Small fiber neuropathy occurs as a result of damage to the small fibers of the peripheral nervous system. These small fibers detect pain, heat, and itching sensations in the skin. They also regulate the autonomic functions of the cardiovascular system and the gastrointestinal tract.
Damage to the peripheral nervous system that affects the small fibers can cause burning pain or tingling sensations that begin at the feet and progress up the legs to the rest of the body.
Small fiber neuropathy may sometimes be a sign of an underlying health condition, such as diabetes or an autoimmune disease.
Keep reading to learn more about the causes and symptoms of small fiber neuropathy, as well as how doctors diagnose and treat this condition.
Pain in the feet and hands is the most common early symptom of small fiber neuropathy. However, this condition can also reduce the body’s ability to feel pain in a concentrated area and sense temperature.
As the disease progresses, people may notice symptoms in their knees, legs, and arms.
Other symptoms of small fiber neuropathy include:
- a tingling or prickling sensation (paresthesia)
- hypersensitivity to touch and temperature changes
- numbness in the feet, legs, or lower stomach
- bladder control issues
- sexual dysfunction
- excessive or infrequent sweating
- skin discoloration
- dry eyes and mouth
- extremely low blood pressure that may cause fainting
- rapid or irregular heartbeat
Symptoms of small fiber neuropathy can range from mild to severe. In the early stages, people often experience mild symptoms that may go unnoticed. Over time, symptoms typically worsen and progress to other areas of the body.
People often develop small fiber neuropathy as a result of an underlying medical condition, such as diabetes. According to the National Institutes of Health (NIH), up to 50% of people who have prediabetes or diabetes also develop small fiber neuropathy.
The NIH also note that mutations in the SCN9A and SCN10A genes can cause small fiber neuropathy. These genes carry instructions for making sodium channels, which cells use to produce and transmit electrical signals.
Examples of medical conditions that can cause small fiber neuropathy include:
- metabolic and endocrine disorders
- celiac disease
- Sjogren’s syndrome
- primary systemic amyloidosis
- familial amyloidosis
- Fabry disease
Other causes include:
- vitamin B-12 deficiency
- alcohol use disorder
- exposure to chemotherapy
- physical injuries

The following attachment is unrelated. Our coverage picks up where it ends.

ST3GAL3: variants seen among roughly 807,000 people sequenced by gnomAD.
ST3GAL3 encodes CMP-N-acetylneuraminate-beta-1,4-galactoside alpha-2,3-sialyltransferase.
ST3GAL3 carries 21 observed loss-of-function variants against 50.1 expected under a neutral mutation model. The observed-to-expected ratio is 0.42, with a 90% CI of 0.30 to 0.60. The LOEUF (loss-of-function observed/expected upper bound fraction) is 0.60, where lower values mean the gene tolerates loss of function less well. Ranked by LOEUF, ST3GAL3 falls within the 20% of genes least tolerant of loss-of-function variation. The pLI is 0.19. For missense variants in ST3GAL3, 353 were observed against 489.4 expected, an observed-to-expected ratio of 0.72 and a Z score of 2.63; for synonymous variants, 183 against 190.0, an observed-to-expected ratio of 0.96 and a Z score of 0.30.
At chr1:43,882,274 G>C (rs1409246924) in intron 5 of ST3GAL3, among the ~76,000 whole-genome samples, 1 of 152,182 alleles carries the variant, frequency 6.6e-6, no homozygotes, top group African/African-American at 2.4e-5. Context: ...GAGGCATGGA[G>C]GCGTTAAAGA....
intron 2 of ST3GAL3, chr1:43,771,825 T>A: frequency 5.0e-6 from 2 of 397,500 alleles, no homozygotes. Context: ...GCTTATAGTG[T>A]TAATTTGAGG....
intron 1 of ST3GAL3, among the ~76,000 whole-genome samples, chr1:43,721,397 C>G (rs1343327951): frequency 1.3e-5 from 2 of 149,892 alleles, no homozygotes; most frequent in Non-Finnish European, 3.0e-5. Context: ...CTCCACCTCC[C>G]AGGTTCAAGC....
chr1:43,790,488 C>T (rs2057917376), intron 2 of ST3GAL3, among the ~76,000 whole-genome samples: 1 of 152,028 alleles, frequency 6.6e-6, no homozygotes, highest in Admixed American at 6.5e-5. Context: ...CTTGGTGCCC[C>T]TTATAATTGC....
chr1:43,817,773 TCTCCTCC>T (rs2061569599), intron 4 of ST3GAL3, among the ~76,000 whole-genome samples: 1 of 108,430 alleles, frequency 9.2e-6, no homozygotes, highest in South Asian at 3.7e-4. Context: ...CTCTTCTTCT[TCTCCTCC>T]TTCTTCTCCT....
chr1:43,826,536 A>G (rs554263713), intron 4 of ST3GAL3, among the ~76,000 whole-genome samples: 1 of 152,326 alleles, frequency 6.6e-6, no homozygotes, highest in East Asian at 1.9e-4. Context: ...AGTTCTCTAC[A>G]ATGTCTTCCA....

- illicit or prescription drug use
A doctor may diagnose a person with idiopathic small fiber neuropathy if they do not identify an underlying cause. In a 2018 study of 921 people with small fiber neuropathy, researchers found that 53% of the study participants had no associated underlying condition.
Doctors use a wide range of medical tests when diagnosing small fiber neuropathy. They will begin the diagnostic process by reviewing a person’s medical history and performing a physical exam.
A doctor may ask questions about a person’s family medical history, as well as any current or previous medical conditions that may explain their symptoms.
Many medical professionals consider skin biopsies the “gold standard” test for diagnosing small fiber neuropathy. A skin biopsy is a minimally invasive procedure in which a doctor takes several small skin samples that they send to a laboratory for analysis.
A technician or pathologist will examine the skin samples under a microscope. A doctor may diagnose small fiber neuropathy if the skin samples have fewer small nerve fibers than healthy skin.
In some cases, a doctor may also perform a nerve conduction test, electromyography, or both. Although doctors cannot conclusively diagnose small fiber neuropathy with these tests, they can use them to rule out other peripheral neuropathies and muscle disorders.
If necessary, doctors can use laboratory tests to check a person’s blood or urine for signs of glucose intolerance, immune system dysfunction, vitamin deficiencies, and liver or kidney problems.
Treatment for small fiber neuropathy varies depending on the underlying cause. People may notice that their neuropathy symptoms improve or resolve entirely when they manage or receive treatment for the underlying medical condition.
For people who have diabetes or other metabolic disorders, this means managing blood glucose levels, maintaining a moderate body weight, and eating a healthful, balanced diet.
Exercising regularly and quitting smoking can help heal constricted blood vessels that supply vital nutrients to the nerves.
Doctors may prescribe immunosuppressive drugs to treat people who have autoimmune diseases. These medications suppress immune activity in the body and reduce inflammation.
Other treatment options can help reduce pain due to small fiber neuropathy. These can include:
- antiseizure medication
- lidocaine creams and patches
- narcotics or opioid-based pain medications
Small fiber neuropathy is a type of peripheral neuropathy that affects the small nerve fibers in the skin.
This condition usually causes an unpleasant tingling sensation or burning pain in the feet. However, people who have small fiber neuropathy may have reduced sensitivity to heat and certain types of pain.
Although the symptoms of small fiber neuropathy usually begin in the feet, they can also affect the legs, hands, arms, and torso.
People can develop small fiber neuropathy as a result of nerve damage from another underlying medical condition, such as diabetes, an autoimmune disease, or an injury.
Treatments depend on the underlying cause. In most cases, managing the underlying medical condition can relieve the symptoms of small fiber neuropathy.